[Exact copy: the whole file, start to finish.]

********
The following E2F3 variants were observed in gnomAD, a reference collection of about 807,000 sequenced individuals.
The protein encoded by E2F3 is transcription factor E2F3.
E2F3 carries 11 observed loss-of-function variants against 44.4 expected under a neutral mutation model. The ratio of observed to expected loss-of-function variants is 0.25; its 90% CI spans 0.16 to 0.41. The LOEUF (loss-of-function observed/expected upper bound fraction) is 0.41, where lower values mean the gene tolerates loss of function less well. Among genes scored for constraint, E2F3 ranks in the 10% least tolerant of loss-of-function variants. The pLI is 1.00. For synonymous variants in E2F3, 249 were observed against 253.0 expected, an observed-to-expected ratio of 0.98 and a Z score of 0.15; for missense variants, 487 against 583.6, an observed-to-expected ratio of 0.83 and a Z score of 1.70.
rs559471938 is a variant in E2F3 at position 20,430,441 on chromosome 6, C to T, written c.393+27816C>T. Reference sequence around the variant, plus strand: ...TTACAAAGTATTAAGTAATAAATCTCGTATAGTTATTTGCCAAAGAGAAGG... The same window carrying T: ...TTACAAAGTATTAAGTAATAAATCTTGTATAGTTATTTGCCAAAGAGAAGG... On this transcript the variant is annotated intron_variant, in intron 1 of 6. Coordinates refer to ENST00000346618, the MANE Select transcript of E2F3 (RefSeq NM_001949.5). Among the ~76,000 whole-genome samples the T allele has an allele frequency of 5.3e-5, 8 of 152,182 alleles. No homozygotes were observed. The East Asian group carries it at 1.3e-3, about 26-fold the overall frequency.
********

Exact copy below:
The following E2F3 variants were observed in gnomAD, a reference collection of about 807,000 sequenced individuals.
The protein encoded by E2F3 is transcription factor E2F3.
E2F3 carries 11 observed loss-of-function variants against 44.4 expected under a neutral mutation model. The ratio of observed to expected loss-of-function variants is 0.25; its 90% CI spans 0.16 to 0.41. The LOEUF (loss-of-function observed/expected upper bound fraction) is 0.41, where lower values mean the gene tolerates loss of function less well. Among genes scored for constraint, E2F3 ranks in the 10% least tolerant of loss-of-function variants. The pLI is 1.00. For synonymous variants in E2F3, 249 were observed against 253.0 expected, an observed-to-expected ratio of 0.98 and a Z score of 0.15; for missense variants, 487 against 583.6, an observed-to-expected ratio of 0.83 and a Z score of 1.70.
rs559471938 is a variant in E2F3 at position 20,430,441 on chromosome 6, C to T, written c.393+27816C>T. Reference sequence around the variant, plus strand: ...TTACAAAGTATTAAGTAATAAATCTCGTATAGTTATTTGCCAAAGAGAAGG... The same window carrying T: ...TTACAAAGTATTAAGTAATAAATCTTGTATAGTTATTTGCCAAAGAGAAGG... On this transcript the variant is annotated intron_variant, in intron 1 of 6. Coordinates refer to ENST00000346618, the MANE Select transcript of E2F3 (RefSeq NM_001949.5). Among the ~76,000 whole-genome samples the T allele has an allele frequency of 5.3e-5, 8 of 152,182 alleles. No homozygotes were observed. The East Asian group carries it at 1.3e-3, about 26-fold the overall frequency.